A new program funded by Ready to Learn is yielding impressive results.
A pilot math program developed by WQED and supported by a Ready to Learn grant and CPB is showing promising results after its first year working with pre-kindergarten to elementary students, and their families, in at-risk communities around Pittsburgh.
The program, called math iQ, launched in September of 2014 with a unique approach to stimulating and building math skills in early learners. The program was designed for educators to meet with students monthly over the course of the school year. In each session, older and younger students were paired to work closely on structured activities, media and games, developed around PBS KIDS programming, Peg + Cat and Odd Squad.
The unique, mentoring piece to the program paired third graders, who were recommended by their teachers, with pre-k and kindergarten learners to encourage students to communicate what they had learned, and build confidence. A critical take-home component invited parents and students to work together on simple and fun math activities outside of the classroom to reinforce learning and empower parents around math.
"The success of the math iQ program has exceeded my expectations of the outcomes when partnering high-quality digital media resources from Ready to Learn with hands-on experiences in a school setting,” said Cathy Cook, Manager of Digital Early Learner Projects and Professional Development at WQED. “Participation in math iQ has fostered gains in math skills, which I expected, but also in areas such as transition, collaboration with peers, family engagement, and English language acquisition. I am so incredibly proud of the impact of the math iQ program."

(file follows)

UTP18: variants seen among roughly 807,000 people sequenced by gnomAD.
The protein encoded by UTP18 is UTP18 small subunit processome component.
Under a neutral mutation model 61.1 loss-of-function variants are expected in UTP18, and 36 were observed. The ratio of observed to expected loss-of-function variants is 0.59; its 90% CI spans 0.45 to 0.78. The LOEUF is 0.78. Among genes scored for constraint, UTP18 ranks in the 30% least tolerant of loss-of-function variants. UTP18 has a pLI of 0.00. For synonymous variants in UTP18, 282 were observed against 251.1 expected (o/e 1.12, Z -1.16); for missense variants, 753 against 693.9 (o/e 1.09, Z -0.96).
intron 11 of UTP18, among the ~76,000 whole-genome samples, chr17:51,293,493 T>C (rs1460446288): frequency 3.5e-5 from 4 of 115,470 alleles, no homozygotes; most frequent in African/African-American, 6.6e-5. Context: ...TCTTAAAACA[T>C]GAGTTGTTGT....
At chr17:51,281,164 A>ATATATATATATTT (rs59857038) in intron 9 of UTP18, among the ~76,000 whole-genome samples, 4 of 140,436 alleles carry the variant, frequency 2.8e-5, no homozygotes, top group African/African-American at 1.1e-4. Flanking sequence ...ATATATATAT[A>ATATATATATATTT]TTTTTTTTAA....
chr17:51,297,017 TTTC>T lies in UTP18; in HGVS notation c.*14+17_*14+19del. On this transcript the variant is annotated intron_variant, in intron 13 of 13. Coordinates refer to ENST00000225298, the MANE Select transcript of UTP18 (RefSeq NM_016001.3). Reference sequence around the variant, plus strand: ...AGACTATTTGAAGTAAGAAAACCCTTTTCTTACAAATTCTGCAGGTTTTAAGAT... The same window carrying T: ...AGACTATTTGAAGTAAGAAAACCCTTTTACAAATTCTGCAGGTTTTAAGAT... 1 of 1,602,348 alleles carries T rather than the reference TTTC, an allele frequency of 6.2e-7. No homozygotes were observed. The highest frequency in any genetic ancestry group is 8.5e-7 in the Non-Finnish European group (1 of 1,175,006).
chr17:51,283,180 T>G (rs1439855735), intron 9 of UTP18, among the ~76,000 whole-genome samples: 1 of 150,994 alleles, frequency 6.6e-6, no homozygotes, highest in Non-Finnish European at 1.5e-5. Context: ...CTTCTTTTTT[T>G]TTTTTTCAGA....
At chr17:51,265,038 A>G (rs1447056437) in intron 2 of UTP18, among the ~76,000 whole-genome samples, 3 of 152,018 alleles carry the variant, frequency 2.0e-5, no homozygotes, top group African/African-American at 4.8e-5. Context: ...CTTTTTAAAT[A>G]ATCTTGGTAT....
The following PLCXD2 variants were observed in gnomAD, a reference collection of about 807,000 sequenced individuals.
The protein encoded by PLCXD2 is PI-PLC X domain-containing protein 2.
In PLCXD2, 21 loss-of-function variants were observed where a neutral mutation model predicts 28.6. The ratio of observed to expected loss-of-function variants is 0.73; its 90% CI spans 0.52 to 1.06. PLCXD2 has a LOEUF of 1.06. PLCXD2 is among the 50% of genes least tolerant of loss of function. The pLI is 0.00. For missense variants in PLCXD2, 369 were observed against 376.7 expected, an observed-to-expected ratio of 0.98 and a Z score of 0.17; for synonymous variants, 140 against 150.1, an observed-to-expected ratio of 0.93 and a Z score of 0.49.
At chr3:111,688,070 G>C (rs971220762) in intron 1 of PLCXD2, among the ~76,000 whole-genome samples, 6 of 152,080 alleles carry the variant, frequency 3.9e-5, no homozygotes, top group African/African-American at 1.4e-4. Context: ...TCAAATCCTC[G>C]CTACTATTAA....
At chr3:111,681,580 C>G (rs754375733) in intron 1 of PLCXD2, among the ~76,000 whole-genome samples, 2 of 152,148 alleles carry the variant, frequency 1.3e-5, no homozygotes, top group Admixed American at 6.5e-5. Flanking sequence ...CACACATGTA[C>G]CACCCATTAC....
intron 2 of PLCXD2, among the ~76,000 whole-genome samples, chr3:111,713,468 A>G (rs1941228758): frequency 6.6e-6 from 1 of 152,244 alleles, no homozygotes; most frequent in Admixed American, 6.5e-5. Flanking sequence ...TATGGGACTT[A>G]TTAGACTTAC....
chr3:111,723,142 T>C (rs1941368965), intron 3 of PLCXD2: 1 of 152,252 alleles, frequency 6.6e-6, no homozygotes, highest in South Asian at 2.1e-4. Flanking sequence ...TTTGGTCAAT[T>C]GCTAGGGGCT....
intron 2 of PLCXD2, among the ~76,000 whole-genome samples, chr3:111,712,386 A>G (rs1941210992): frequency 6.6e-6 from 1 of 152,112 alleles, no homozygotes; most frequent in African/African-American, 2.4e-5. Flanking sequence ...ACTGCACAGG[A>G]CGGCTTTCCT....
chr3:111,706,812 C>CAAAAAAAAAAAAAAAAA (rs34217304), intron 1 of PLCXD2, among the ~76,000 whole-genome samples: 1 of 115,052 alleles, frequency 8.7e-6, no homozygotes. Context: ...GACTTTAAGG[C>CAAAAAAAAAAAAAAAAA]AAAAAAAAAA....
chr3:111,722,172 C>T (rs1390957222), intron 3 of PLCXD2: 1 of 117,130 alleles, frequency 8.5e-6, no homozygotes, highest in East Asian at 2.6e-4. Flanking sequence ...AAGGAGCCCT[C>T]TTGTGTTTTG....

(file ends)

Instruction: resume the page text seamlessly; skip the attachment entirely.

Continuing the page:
Three schools in the Pittsburgh area were chosen to pilot the program, based on need. One hundred fifteen children (and their families) took part. The schools reflected the variety of exposure and experience that classrooms have with technology, and how teachers adapt. For example, one pilot school used media and technology frequently in the classroom, while the remaining schools had minimum to no access to technology. “math iQ was designed to be effective in all schools, regardless of the technological resources available to teachers,” explained Jennifer Stancil, Executive Director of Educational Partnership at WQED.
Program toolkits were developed for the three pilot schools, and contained materials to support each of the nine monthly math interventions. Kits included nine learning modules and physical, color copies of the activities used. Many schools are unable to color-copy, and math activities often use color coding and shading to emphasize concepts, said Stancil. Nine additional toolkits were developed and will be distributed to chosen schools.
Participating schools in the pilot program also received iPads and an Osmo, an educational gaming accessory for the iPad; ear buds, and a program toolkit.
The program held community events to mark each phase, from a kick-off event in September, to a mobile media lab, “App-a-thon,” that allowed parents and kids to test iPads and games during the year, access training and free app codes, and download PBS materials to mobile devices.
This first year of math iQ culminated in a hugely successful “Big Gig Musical” this past May. Kids wrote and performed their own mathematical musical incorporating their own ideas as well as songs from Peg + Cat and Odd Squad.
The University of Pittsburgh has partnered with WQED to study the effectiveness of math iQ, specifically the take-home component. The study will look at how the program influenced or augmented the math that students did at home, while also assessing the parents’ anxiety with math. The results of the study are expected to be published in the fall of 2015 and will inform future iterations of the program, said Stancil.
For more information on math iQ:
Watch: WQED Remake Learning: WQED's math iQ
Read an overview of the math iQ program